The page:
He does not mean for us to literally put our eyes out or cut our limbs off, but to avoid those things that lead us to sin. The wages of sin is death, death that manifests itself in so many ways.  Therefore we should work together with other Christians and we should strive to help each other live in a way that is pleasing to God.

We are not able to live perfectly without sin. We live with one foot in an imperfect world and the other in the kingdom of God. Jesus has made us perfect in God’s sight- by faith.  By faith we respond by sharing the Good News with our children.

 

December 16, 2018 -John the Baptist, Repentance and O, Come Emmanuel!

john-baptist

In those days John the Baptist came, preaching in the wilderness of Judea and saying, “Repent, for the kingdom of heaven has come near.”  This is he who was spoken of through the prophet Isaiah:

“A voice of one calling in the wilderness,
‘Prepare the way for the Lord,
    make straight paths for him.’” (Isaiah 40:3)

John’s clothes were made of camel’s hair, and he had a leather belt around his waist. His food was locusts and wild honey.  People went out to him from Jerusalem and all Judea and the whole region of the Jordan.  Confessing their sins, they were baptized by him in the Jordan River.

 

But when he saw many of the Pharisees and Sadducees coming to where he was baptizing, he said to them: “You brood of vipers! Who warned you to flee from the coming wrath? Produce fruit in keeping with repentance.  And do not think you can say to yourselves, ‘We have Abraham as our father.’ I tell you that out of these stones God can raise up children for Abraham. The ax is already at the root of the trees, and every tree that does not produce good fruit will be cut down and thrown into the fire.

“I baptize you with water for repentance. But after me comes one who is more powerful than I, whose sandals I am not worthy to carry. He will baptize you with the Holy Spirit and fire.  His winnowing fork is in his hand, and he will clear his threshing floor, gathering his wheat into the barn and burning up the chaff with unquenchable fire.” Matthew 3:1-12 (NIV)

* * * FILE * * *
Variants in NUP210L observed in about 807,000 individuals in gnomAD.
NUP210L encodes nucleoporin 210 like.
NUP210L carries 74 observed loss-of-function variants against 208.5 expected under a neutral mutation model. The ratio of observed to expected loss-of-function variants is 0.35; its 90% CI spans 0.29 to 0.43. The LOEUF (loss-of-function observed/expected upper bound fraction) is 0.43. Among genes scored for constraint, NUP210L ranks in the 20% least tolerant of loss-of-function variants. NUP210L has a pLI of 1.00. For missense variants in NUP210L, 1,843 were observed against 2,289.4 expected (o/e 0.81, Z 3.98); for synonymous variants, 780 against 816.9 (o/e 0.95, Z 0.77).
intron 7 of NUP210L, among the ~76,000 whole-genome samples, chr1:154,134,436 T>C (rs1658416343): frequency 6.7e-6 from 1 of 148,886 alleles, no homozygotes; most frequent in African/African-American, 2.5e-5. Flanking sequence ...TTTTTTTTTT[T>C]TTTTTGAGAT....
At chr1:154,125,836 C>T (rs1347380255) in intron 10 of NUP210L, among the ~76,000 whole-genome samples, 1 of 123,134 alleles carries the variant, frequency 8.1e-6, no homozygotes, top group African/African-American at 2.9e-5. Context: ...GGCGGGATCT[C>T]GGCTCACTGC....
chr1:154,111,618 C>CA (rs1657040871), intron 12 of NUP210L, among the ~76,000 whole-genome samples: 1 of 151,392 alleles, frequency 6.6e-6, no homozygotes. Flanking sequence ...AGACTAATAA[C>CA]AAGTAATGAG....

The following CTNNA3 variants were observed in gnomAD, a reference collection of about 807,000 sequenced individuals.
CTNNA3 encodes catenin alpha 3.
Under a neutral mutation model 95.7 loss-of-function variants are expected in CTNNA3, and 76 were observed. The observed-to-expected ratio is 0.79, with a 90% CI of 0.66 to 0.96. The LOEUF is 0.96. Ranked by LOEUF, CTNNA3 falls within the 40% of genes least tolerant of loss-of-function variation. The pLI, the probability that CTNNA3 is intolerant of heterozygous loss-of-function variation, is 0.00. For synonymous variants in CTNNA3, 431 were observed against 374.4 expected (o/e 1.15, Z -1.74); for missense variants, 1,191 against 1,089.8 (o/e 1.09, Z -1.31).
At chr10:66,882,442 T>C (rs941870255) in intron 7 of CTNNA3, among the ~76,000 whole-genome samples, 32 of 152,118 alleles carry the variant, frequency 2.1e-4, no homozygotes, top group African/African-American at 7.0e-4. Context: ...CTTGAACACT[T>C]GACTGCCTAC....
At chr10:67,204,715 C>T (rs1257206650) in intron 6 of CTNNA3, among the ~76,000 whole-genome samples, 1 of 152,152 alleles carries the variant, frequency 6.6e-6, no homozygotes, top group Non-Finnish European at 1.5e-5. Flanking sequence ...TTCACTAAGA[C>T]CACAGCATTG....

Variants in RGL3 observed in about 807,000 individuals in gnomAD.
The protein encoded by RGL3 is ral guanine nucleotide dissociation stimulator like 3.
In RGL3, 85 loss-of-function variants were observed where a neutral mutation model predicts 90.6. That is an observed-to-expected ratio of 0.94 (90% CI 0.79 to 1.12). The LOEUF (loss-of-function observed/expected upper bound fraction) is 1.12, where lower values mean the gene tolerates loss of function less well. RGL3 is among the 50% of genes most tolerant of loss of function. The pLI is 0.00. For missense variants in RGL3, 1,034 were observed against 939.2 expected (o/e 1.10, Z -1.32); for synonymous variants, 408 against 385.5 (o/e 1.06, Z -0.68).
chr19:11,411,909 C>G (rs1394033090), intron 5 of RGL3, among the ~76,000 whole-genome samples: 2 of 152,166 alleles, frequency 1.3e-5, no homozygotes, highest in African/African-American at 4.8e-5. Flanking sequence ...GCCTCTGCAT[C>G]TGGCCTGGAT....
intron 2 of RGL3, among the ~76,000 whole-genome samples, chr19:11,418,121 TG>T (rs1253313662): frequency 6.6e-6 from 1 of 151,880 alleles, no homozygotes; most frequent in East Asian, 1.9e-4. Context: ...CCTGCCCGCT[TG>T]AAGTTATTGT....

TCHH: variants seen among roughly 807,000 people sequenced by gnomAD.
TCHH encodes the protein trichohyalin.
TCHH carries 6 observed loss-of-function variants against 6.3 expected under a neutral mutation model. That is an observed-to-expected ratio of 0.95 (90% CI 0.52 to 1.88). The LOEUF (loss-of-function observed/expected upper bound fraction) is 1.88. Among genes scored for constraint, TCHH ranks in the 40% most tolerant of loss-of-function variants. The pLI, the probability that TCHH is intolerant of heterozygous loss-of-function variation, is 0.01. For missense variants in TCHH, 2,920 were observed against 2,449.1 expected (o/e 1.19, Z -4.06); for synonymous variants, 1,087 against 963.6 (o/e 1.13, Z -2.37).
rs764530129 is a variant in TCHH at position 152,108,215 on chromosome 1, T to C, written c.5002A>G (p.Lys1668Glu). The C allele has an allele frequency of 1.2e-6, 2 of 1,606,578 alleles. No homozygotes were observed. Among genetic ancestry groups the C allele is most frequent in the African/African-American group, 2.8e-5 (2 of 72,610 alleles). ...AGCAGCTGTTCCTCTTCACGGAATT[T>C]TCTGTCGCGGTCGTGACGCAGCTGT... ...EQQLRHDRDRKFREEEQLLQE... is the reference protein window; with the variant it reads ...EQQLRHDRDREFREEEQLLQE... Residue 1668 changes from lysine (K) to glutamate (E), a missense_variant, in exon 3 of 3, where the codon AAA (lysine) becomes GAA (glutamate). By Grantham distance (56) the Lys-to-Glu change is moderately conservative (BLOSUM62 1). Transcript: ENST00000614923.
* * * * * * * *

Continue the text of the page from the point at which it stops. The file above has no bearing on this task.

Repent. It’s not a word we like to hear.  It means we need to change our outlook, our opinions, our view of others.  It’s a word that says we not only need to identify our sins, but to confess to God and others that we fall short.  We’re not doing things correctly- too much we have done should have been left undone, and so much left undone that we should have done.  The apostle Paul shows us in Romans 7 that as long as we live in the “not yet” world, we will struggle with the dilemma of being both God’s saints and sinners who sin.  We can’t just straighten up and “fly right,” but we trust that Jesus has done for us what we are not capable of doing for ourselves.

Repentance is more than “I’m sorry I got caught,” or even a mia culpa. It is a deep desire to turn from our sins, a gift of the Holy Spirit that promises that in our baptism our sins are drowned and washed away from us every day.

John the Baptist points out that Abraham’s children are the children of the promise- the children who God has raised up in Christ.  John the Baptist points us to Christ, the one who was far greater than him.

In this season of Advent, we not only celebrate Jesus coming to us as God-with-us, we also look to His return to this earth.  The end of days as we know them and the re-creation of heaven and earth can and will occur at any time, but there is no cause for those who belong to Christ to fear.  Since we who trust Jesus know that we are baptized, named and claimed for Him and that He has won the victory over death, Satan, evil and hell, we look forward to that day.  The day of the Lord is near.  Repent and turn to Him.  He provides us with all we need, now and in the world to come.  O, come, o come, Emmanuel.